> right? And a CD costs less than a dollar...it's not like I'm asking for a
> 20lb delivery of dead tree. Besides, most of the content is just "fixing"
> what they were wrong about in the last publication, right? (I mean, if
> they'd done the research properly in the first place, they wouldn't need
> to fix it, would they.)**
>
> *member price. I joined for this year so I could replenish my 10 year old
> ACI standards. Seems like there should be some super-secret membership
> co-op for those of us with small offices who do "everything" just so we
> can afford all the paper, and CD-ROMS, we need to function.
>
> **I'm kidding. They can charge anything they want. Its a free market.***
>
> ***I'm still kidding.
>
>  Jordan
>
>
> Joe Grill wrote:
>
>       And for the low low price of $265.00.
>
>
>
>       Joseph R. Grill, P.E. (Structural)
>
>       Shephard - Wesnitzer, Inc.
>
>       Civil Engineering and Surveying
>
>       P.O. Box 3924
>
>       Sedona, AZ  86340
>
>       PHONE (928) 282-1061
>
>       FAX (928) 282-2058
>
>       jgrill(--nospam--at)swiaz.com
>
>
>
> -----Original Message-----
> From: Smith, Edgar [mailto:eesmith(--nospam--at)burnsmcd.com]
> Sent: Thursday, April 20, 2006 9:20 AM
> To: seaint(--nospam--at)seaint.org
> Subject: RE: Reinforcing for Anchor Bolt Breakout
>
>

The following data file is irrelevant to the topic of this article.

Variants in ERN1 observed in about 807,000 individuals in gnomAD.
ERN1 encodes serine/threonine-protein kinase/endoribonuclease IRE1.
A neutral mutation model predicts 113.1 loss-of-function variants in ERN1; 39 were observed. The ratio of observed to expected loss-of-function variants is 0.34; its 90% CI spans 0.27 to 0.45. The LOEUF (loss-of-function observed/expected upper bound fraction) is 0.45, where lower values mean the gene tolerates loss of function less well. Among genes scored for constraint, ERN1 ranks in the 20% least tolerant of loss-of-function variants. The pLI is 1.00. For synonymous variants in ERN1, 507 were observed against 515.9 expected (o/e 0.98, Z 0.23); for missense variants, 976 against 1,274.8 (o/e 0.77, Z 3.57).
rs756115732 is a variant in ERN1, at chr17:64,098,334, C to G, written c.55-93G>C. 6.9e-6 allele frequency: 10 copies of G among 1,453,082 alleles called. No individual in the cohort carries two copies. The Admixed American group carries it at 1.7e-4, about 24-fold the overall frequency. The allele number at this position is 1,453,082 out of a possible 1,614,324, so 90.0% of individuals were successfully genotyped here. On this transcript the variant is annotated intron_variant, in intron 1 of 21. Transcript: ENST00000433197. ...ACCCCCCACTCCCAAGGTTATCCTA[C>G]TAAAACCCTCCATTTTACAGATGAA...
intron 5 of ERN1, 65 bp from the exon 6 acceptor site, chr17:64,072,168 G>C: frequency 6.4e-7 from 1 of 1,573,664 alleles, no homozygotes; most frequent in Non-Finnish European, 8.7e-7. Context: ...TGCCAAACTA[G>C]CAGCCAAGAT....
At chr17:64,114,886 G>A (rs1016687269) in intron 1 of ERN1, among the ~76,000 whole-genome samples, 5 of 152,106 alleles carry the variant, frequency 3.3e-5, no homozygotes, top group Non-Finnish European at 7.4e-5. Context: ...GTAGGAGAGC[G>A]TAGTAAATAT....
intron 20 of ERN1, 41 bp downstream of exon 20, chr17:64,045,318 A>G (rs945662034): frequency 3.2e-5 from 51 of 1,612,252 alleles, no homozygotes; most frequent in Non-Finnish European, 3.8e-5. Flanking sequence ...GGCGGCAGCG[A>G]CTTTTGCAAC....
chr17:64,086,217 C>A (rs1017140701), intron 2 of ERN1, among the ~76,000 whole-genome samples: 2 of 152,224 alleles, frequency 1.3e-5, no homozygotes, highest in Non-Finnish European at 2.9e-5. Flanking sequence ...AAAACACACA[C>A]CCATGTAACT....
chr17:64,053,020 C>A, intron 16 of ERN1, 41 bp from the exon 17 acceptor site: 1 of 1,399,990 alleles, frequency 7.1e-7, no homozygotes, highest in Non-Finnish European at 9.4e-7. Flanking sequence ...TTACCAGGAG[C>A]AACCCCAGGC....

>
> The "PIP STE05121 Anchor Bolt Design Guide" uses hairpins or
> additional straight rebar next to the anchor bolts to do this.  PIP
> stands for Process Industry Practices.  The guide is based on App D
> 318-02.
>
>
>
>
>
____________________________________________________________________________
____
>
>
> From: Haan, Scott M POA [mailto:Scott.M.Haan(--nospam--at)poa02.usace.army.mil]
> Sent: Wednesday, April 19, 2006 6:15 PM
> To: seaint(--nospam--at)seaint.org
> Subject: RE: Reinforcing for Anchor Bolt Breakout
>
> I thought ACI appendix D is meant for unreinforced concrete.  It
> seems logical that if the concrete has to pop out past
> horizontal reinforcement that the shear friction the horizontal
> reinforcement produces could be used to resist the pop out and that
> if the pop-out happens adjacent to vertical reinforcement that you
> could count on the strength of the steel developed above and below
> the pop-out to resist the pop-out.
>
>
>
> I have not seen this is a design guide but I have seen engineers do
> it.
>
>
>
>
>
____________________________________________________________________________
____
>
>
> From: Rich Lewis [mailto:seaint03(--nospam--at)lewisengineering.com]
> Sent: Wednesday, April 19, 2006 12:46 PM
> To: seaint(--nospam--at)seaint.org
> Subject: Reinforcing for Anchor Bolt Breakout
>
> Are there any practical ways to reinforce a footing for concrete
> breakout of anchor bolts as defined in ACI appendix D, section
> 5.2?  If Break Out is the controlling factor in the design of the
> anchor, and I don't want to design the footing thickness based on
> anchor bolts, what would be a reinforcing configuration to
> strengthen the breakout capacity?
>
>
>
> Thanks for any insight.
>
>
>
> Rich
>
>
>